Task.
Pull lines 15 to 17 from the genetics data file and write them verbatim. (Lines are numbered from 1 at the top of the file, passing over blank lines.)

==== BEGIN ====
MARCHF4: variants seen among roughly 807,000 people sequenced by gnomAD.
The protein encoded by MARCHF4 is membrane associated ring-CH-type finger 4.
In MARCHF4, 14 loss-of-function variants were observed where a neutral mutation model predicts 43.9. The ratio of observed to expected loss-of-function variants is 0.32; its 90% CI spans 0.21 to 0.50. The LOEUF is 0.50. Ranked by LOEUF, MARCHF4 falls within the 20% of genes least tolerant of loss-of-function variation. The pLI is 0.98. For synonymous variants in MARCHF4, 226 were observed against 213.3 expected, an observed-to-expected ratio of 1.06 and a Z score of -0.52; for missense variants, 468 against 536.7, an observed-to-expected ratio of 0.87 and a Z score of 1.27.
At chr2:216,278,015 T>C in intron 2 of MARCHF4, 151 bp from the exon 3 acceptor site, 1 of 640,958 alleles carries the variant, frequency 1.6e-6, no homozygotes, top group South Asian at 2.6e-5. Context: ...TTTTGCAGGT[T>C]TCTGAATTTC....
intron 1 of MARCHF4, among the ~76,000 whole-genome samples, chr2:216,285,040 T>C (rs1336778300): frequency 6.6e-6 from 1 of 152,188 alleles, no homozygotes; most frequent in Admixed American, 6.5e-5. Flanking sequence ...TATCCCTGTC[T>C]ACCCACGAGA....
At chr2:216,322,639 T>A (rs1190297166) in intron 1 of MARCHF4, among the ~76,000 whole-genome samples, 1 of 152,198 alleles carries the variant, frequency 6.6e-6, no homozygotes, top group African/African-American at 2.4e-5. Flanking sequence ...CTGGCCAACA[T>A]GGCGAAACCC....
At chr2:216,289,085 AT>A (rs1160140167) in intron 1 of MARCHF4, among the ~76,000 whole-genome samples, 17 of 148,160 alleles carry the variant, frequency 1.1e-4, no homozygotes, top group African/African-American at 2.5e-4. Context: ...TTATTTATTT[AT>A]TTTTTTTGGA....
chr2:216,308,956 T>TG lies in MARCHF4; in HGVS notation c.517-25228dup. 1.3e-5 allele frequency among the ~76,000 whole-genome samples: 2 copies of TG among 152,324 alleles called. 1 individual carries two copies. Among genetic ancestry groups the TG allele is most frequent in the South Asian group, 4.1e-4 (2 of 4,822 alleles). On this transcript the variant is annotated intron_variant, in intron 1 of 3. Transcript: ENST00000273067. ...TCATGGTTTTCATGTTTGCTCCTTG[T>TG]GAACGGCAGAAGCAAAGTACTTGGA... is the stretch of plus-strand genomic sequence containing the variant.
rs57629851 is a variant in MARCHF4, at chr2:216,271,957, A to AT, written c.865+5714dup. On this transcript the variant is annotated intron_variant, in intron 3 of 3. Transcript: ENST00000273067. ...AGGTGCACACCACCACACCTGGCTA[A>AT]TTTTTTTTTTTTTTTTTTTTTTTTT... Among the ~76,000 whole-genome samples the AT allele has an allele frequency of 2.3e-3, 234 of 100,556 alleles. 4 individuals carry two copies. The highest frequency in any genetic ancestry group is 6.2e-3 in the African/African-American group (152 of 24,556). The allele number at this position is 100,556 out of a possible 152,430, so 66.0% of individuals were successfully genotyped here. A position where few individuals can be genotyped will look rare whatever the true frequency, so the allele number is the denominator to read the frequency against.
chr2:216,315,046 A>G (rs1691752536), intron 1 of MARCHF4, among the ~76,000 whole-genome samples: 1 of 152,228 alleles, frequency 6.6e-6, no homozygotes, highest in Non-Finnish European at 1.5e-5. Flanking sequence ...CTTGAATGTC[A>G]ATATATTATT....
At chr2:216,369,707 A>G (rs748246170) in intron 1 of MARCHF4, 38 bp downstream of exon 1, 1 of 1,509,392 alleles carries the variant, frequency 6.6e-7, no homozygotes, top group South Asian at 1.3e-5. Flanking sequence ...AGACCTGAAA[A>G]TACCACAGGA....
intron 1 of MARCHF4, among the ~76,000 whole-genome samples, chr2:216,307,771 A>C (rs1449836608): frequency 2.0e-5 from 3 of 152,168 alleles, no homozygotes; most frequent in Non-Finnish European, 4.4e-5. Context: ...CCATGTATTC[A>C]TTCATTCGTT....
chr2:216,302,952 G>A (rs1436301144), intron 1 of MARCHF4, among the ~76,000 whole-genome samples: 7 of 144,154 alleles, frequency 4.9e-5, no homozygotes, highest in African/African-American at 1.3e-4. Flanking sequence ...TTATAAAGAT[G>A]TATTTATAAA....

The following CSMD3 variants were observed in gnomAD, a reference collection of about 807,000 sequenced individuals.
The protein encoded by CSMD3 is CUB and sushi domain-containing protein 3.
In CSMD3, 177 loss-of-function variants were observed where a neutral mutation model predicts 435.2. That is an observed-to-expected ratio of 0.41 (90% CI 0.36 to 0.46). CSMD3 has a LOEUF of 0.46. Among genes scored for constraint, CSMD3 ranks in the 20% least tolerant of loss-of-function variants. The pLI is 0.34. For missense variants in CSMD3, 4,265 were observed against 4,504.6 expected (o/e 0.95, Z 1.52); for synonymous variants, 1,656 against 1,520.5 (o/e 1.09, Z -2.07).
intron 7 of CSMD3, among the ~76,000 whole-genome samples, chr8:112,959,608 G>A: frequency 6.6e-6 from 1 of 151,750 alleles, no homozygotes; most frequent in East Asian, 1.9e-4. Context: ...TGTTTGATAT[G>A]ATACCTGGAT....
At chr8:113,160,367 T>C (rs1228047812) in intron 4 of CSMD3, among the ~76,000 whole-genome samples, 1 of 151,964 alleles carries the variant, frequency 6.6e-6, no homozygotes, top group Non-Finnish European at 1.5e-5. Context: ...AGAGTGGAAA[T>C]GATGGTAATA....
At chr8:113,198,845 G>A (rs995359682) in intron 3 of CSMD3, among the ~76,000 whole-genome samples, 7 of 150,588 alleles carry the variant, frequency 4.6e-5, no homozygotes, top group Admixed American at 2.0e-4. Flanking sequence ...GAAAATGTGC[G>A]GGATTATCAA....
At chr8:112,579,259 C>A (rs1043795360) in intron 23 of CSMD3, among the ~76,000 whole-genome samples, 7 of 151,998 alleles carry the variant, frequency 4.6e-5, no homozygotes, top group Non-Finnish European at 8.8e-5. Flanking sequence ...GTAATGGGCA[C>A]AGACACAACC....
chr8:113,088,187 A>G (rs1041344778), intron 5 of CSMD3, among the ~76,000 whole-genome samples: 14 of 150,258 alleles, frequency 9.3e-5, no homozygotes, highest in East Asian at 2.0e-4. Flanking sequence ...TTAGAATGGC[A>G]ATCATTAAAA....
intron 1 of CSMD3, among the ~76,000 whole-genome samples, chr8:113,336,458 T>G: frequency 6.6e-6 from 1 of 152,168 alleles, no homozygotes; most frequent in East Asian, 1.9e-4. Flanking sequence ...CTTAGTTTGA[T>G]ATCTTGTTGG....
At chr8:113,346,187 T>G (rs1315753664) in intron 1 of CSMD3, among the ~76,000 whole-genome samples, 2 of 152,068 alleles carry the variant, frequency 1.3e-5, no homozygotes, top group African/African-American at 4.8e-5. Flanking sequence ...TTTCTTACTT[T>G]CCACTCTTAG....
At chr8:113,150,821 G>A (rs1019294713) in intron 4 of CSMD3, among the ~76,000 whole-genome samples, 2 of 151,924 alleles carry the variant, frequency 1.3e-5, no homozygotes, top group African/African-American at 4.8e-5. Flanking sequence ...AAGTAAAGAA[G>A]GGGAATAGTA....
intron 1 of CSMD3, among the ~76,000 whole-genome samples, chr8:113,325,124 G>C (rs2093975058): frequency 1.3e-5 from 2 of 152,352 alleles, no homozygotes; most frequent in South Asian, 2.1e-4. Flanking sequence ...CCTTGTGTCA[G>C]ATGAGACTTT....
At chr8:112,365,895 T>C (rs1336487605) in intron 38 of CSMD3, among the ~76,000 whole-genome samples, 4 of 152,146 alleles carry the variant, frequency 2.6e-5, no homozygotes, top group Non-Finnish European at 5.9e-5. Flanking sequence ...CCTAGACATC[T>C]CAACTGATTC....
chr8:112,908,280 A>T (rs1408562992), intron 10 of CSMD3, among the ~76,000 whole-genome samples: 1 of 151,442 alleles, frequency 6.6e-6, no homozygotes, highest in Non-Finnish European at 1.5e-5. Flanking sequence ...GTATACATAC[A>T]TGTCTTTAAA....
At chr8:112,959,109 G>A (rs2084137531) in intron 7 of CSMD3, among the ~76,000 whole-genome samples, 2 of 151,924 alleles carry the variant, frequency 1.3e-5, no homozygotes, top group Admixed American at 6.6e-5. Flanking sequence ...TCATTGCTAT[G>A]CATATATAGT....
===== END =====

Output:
The protein encoded by CSMD3 is CUB and sushi domain-containing protein 3.
In CSMD3, 177 loss-of-function variants were observed where a neutral mutation model predicts 435.2. That is an observed-to-expected ratio of 0.41 (90% CI 0.36 to 0.46). CSMD3 has a LOEUF of 0.46. Among genes scored for constraint, CSMD3 ranks in the 20% least tolerant of loss-of-function variants. The pLI is 0.34. For missense variants in CSMD3, 4,265 were observed against 4,504.6 expected (o/e 0.95, Z 1.52); for synonymous variants, 1,656 against 1,520.5 (o/e 1.09, Z -2.07).
intron 7 of CSMD3, among the ~76,000 whole-genome samples, chr8:112,959,608 G>A: frequency 6.6e-6 from 1 of 151,750 alleles, no homozygotes; most frequent in East Asian, 1.9e-4. Context: ...TGTTTGATAT[G>A]ATACCTGGAT....